But it’s not just about taste for her. Throughout the book, she offers “styling tips” on how to make your food look its best. She still works as a freelance food stylist and has staged aspirational photos for Chrissy Teigen’s cooking website, Cravings. Damuck believes a variety of colors and textures can enhance the experience of a meal, particularly one as simple as salad. One tip in the book encourages cooks to fold their zucchini ribbons when piling them on a plate to create volume. “Honestly we know as much as people love eating, they love posting food on Instagram more than that,” she says. She even recommends a special curved serving spoon for plating dishes to create “a very chef-y swoop,” admitting in the book, “this is where the list may seem to get excessive, but I ask you to swoop and swirl many things.”

While I am a defender of the much-maligned category of one-use kitchen tools—I show Damuck three different citrus squeezers during our call—I must admit I’m skeptical that even salad acolytes will be willing to shell out for the special spoon. Then again, this is probably why I’m still failing to plate the yogurt in an aesthetically pleasing manner. I give up on achieving Instagram-ready perfection and add my chard, eggs, and honeyed chili oil on top. This concoction may not be what you think of when you imagine a salad. “I’m admittedly stretching the definition,” says Damuck, whose book also includes a salad based on a Nashville hot chicken sandwich and a “pizza salad,” which is basically greens piled on top of pizza dough.


Damuck, an on-and-off vegetarian (currently, she’s omnivorous), has been interested in vegetables and cooking since childhood. “I feel like I’ve always had a filing cabinet of flavors in my brain and it happens like a musician knows all the notes and can make music with it,” she says. As a teen she attended Ross School, a private high school in East Hampton, N.Y., that partnered with Quail Hill Farms for a food program that fostered an interest in eating seasonally and sustainably. “I was thinking about the way you can get addicted to sugar, I feel like I eat so many vegetables that when I don’t have them, I crave them,” she says.

But it was working for Stewart that turned her love of vegetables into an obsession. “Unless you get to the farmers market at 7 o’clock in the morning, you can’t get your hands on that specialty pink radicchio,” she says. “I’m often up, before brushing my teeth or having coffee, driving over to the farmers market dazed to make sure I can grab the best product before someone else snatches it up.” Before she moved from New York to L.A., Damuck says, most of her friends were other food stylists and recipe developers. It was only when she arrived in California, and befriended her neighbors by offering them the leftovers from the recipe-testing sessions for her cookbook, that she really began to hang out with more people outside the foodie world.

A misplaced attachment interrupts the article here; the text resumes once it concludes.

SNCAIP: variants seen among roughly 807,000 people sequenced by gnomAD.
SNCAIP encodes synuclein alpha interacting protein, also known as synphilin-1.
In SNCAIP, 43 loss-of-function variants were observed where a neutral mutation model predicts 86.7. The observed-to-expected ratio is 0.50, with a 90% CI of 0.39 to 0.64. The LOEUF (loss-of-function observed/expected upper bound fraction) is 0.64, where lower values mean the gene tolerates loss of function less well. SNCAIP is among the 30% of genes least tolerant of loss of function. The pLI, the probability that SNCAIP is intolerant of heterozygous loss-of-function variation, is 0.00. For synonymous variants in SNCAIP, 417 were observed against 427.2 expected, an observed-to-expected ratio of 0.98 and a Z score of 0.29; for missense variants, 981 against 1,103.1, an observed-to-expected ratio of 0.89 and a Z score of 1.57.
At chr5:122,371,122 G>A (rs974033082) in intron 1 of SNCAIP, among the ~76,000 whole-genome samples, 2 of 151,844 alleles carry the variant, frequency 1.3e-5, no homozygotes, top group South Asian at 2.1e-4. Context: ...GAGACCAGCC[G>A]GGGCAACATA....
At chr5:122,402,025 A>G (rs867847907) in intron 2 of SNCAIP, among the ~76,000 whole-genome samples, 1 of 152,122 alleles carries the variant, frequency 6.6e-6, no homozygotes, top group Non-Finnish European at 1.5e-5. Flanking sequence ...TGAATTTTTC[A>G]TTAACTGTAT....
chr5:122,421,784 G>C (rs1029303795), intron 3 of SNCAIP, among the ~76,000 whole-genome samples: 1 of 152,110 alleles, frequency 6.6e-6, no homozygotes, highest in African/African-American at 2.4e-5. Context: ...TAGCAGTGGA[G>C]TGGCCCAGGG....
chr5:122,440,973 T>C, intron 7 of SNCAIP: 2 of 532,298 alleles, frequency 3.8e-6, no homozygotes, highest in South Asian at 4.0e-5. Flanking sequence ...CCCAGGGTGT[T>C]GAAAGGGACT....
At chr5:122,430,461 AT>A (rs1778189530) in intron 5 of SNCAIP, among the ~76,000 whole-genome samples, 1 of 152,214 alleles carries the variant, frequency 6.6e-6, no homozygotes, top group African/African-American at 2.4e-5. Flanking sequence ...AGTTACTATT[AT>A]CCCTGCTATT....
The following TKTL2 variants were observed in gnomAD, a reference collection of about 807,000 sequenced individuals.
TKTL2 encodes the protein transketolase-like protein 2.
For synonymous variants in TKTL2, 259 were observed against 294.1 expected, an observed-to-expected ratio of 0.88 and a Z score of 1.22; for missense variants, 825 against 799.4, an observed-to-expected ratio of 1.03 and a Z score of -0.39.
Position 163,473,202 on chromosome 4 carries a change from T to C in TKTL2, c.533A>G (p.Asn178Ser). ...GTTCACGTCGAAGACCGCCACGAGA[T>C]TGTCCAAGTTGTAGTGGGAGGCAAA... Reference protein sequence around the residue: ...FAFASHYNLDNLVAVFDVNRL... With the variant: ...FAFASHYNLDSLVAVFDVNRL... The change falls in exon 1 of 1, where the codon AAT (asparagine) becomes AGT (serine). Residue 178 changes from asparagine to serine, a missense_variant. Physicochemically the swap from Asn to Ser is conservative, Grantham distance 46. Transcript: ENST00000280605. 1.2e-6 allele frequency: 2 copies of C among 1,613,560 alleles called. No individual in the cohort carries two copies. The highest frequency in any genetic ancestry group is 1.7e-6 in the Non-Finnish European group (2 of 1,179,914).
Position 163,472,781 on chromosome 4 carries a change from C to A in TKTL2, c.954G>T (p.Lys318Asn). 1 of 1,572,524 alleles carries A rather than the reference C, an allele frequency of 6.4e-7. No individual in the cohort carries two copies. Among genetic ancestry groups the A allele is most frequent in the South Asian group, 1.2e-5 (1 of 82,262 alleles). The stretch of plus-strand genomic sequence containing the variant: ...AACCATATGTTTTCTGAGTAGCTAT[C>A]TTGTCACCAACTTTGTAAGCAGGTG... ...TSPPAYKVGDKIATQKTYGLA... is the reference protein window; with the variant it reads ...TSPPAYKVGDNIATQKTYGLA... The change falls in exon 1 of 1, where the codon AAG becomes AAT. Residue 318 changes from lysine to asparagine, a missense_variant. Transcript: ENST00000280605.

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Damuck ventured out from under Stewart’s wing in 2015, but she still works as a freelancer for the icon often. And the two are still close. Stewart wrote the foreword to the book. They guest-starred together in an episode of Damuck’s partner Ben Sinclair’s HBO comedy, High Maintenance, in which Stewart declares a weed cookie decorated by Damuck to look like a snowflake “truly delicious.” Stewart recruited her to work on the VH1 series Martha & Snoop’s Potluck Dinner Party, and Damuck credits herself with feeding Snoop Dogg his first homemade crouton. (Snoop, in return, taught Damuck that the best way to get crisp bacon is to cook the strips in a pile on a pan rather than individually.) A friend gifted Damuck a kitchen towel with Stewart’s face on it for the holidays last year, and she proudly displays it on her oven’s handle.

Though she’s spent her career in the food world, Damuck is the rare non-celebrity cookbook author who has never worked in a restaurant. Sometimes she thinks people underestimate her because of that. “They’re like, ‘You’re not a chef. You’re a food stylist,’” she says. “And I’m like, ‘I’ve cooked a million meals for Martha Stewart, and that’s the harshest critic I can think of.’”

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Write to Eliana Dockterman at eliana.dockterman@time.com